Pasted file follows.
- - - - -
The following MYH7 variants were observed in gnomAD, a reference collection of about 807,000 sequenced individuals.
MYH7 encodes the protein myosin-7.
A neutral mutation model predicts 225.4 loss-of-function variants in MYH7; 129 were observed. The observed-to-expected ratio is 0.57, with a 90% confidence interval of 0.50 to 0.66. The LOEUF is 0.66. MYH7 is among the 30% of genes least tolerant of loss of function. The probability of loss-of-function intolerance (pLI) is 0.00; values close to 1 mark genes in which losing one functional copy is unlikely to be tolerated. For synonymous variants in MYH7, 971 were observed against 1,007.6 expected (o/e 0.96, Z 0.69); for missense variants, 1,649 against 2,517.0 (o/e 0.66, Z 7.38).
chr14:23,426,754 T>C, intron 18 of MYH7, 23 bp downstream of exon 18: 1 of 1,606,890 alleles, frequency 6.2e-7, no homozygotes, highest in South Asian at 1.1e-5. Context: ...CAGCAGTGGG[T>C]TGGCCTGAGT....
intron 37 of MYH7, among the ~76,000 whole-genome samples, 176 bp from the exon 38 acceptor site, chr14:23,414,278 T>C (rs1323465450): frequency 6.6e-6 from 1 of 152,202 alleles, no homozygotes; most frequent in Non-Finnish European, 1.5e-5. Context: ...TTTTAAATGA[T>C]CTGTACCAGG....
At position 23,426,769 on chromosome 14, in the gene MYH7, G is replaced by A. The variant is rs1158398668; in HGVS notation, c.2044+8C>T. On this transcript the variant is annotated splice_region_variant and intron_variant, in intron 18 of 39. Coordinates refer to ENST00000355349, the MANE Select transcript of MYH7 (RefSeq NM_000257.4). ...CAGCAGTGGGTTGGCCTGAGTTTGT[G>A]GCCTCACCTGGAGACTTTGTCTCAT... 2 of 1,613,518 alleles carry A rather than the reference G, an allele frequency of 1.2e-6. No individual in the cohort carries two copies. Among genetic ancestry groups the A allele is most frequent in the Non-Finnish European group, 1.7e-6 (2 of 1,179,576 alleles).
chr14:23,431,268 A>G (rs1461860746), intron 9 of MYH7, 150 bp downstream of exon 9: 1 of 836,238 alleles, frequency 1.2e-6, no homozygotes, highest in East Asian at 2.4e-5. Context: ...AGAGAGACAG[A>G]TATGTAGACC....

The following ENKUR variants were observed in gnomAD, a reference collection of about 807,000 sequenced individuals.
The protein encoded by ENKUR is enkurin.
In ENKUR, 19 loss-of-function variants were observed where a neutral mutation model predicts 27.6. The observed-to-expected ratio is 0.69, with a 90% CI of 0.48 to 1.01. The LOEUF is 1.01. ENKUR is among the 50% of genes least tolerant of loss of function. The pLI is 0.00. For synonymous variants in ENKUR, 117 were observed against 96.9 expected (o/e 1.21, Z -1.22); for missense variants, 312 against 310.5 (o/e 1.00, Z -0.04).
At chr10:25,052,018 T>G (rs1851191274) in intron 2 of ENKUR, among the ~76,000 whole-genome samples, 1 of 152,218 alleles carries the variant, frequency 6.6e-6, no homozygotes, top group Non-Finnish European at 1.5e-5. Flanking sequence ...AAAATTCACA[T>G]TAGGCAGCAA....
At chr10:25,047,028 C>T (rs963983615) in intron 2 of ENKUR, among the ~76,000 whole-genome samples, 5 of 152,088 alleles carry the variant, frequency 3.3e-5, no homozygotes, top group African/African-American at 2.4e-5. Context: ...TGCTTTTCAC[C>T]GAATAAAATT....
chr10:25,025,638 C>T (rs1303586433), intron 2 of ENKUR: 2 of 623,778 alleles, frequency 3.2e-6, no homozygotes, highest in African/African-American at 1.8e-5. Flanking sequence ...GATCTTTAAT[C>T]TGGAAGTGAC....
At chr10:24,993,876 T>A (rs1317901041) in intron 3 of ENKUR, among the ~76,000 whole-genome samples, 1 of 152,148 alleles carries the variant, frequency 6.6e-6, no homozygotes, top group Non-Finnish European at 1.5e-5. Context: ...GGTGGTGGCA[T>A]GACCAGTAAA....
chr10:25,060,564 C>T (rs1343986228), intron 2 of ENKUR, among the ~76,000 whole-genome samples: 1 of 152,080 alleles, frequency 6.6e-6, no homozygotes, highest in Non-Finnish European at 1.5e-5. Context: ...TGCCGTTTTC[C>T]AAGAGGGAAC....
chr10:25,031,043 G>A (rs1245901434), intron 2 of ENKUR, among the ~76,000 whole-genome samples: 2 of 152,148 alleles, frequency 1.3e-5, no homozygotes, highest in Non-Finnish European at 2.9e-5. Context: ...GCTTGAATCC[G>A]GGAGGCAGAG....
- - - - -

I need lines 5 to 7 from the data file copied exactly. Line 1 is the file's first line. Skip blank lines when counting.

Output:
intron 37 of MYH7, among the ~76,000 whole-genome samples, 176 bp from the exon 38 acceptor site, chr14:23,414,278 T>C (rs1323465450): frequency 6.6e-6 from 1 of 152,202 alleles, no homozygotes; most frequent in Non-Finnish European, 1.5e-5. Context: ...TTTTAAATGA[T>C]CTGTACCAGG....
At position 23,426,769 on chromosome 14, in the gene MYH7, G is replaced by A. The variant is rs1158398668; in HGVS notation, c.2044+8C>T. On this transcript the variant is annotated splice_region_variant and intron_variant, in intron 18 of 39. Coordinates refer to ENST00000355349, the MANE Select transcript of MYH7 (RefSeq NM_000257.4). ...CAGCAGTGGGTTGGCCTGAGTTTGT[G>A]GCCTCACCTGGAGACTTTGTCTCAT... 2 of 1,613,518 alleles carry A rather than the reference G, an allele frequency of 1.2e-6. No individual in the cohort carries two copies. Among genetic ancestry groups the A allele is most frequent in the Non-Finnish European group, 1.7e-6 (2 of 1,179,576 alleles).
chr14:23,431,268 A>G (rs1461860746), intron 9 of MYH7, 150 bp downstream of exon 9: 1 of 836,238 alleles, frequency 1.2e-6, no homozygotes, highest in East Asian at 2.4e-5. Context: ...AGAGAGACAG[A>G]TATGTAGACC....